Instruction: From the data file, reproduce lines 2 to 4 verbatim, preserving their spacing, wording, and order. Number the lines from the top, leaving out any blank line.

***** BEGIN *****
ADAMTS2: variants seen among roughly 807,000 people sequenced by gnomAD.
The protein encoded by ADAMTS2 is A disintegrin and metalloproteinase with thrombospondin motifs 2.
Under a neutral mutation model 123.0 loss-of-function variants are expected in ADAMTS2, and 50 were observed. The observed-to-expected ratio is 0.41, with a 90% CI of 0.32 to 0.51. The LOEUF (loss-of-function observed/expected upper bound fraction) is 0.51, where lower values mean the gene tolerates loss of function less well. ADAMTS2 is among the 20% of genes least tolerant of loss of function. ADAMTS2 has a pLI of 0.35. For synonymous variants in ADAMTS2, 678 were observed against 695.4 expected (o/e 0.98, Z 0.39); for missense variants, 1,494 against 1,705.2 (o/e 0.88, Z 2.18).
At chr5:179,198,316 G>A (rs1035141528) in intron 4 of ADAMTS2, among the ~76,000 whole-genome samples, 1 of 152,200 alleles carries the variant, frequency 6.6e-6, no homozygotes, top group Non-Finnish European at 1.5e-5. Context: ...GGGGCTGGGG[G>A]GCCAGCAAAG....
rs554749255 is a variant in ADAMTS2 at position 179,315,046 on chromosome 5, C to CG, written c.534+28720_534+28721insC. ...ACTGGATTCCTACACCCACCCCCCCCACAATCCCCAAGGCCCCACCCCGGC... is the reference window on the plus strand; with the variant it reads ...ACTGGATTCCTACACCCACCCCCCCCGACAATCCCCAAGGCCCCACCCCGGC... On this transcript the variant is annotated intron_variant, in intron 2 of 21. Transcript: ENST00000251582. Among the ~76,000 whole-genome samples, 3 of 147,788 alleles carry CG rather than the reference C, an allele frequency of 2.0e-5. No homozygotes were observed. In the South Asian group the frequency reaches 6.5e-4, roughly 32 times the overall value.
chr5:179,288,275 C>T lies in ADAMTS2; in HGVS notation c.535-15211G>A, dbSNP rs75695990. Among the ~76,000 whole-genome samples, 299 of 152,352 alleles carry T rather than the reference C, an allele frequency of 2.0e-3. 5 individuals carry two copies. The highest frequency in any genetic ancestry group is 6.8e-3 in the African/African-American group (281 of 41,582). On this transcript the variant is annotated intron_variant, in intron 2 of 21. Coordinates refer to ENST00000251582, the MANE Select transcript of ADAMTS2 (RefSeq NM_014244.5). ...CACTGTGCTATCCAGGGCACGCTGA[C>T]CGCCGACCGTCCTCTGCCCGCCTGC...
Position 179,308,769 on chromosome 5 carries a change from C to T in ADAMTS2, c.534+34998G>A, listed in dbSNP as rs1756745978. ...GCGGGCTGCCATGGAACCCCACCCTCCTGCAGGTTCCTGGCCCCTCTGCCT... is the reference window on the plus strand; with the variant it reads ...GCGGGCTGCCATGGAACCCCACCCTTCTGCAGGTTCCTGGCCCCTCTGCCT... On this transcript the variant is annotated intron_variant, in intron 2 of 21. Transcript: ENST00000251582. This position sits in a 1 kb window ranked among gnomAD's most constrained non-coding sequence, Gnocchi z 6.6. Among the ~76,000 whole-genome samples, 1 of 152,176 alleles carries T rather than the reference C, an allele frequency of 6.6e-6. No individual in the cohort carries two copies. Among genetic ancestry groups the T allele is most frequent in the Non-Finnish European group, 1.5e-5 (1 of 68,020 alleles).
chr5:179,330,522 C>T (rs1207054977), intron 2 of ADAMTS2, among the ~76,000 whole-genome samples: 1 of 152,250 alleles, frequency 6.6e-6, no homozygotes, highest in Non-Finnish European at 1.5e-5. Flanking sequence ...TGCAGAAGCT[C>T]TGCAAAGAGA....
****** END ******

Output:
The protein encoded by ADAMTS2 is A disintegrin and metalloproteinase with thrombospondin motifs 2.
Under a neutral mutation model 123.0 loss-of-function variants are expected in ADAMTS2, and 50 were observed. The observed-to-expected ratio is 0.41, with a 90% CI of 0.32 to 0.51. The LOEUF (loss-of-function observed/expected upper bound fraction) is 0.51, where lower values mean the gene tolerates loss of function less well. ADAMTS2 is among the 20% of genes least tolerant of loss of function. ADAMTS2 has a pLI of 0.35. For synonymous variants in ADAMTS2, 678 were observed against 695.4 expected (o/e 0.98, Z 0.39); for missense variants, 1,494 against 1,705.2 (o/e 0.88, Z 2.18).
At chr5:179,198,316 G>A (rs1035141528) in intron 4 of ADAMTS2, among the ~76,000 whole-genome samples, 1 of 152,200 alleles carries the variant, frequency 6.6e-6, no homozygotes, top group Non-Finnish European at 1.5e-5. Context: ...GGGGCTGGGG[G>A]GCCAGCAAAG....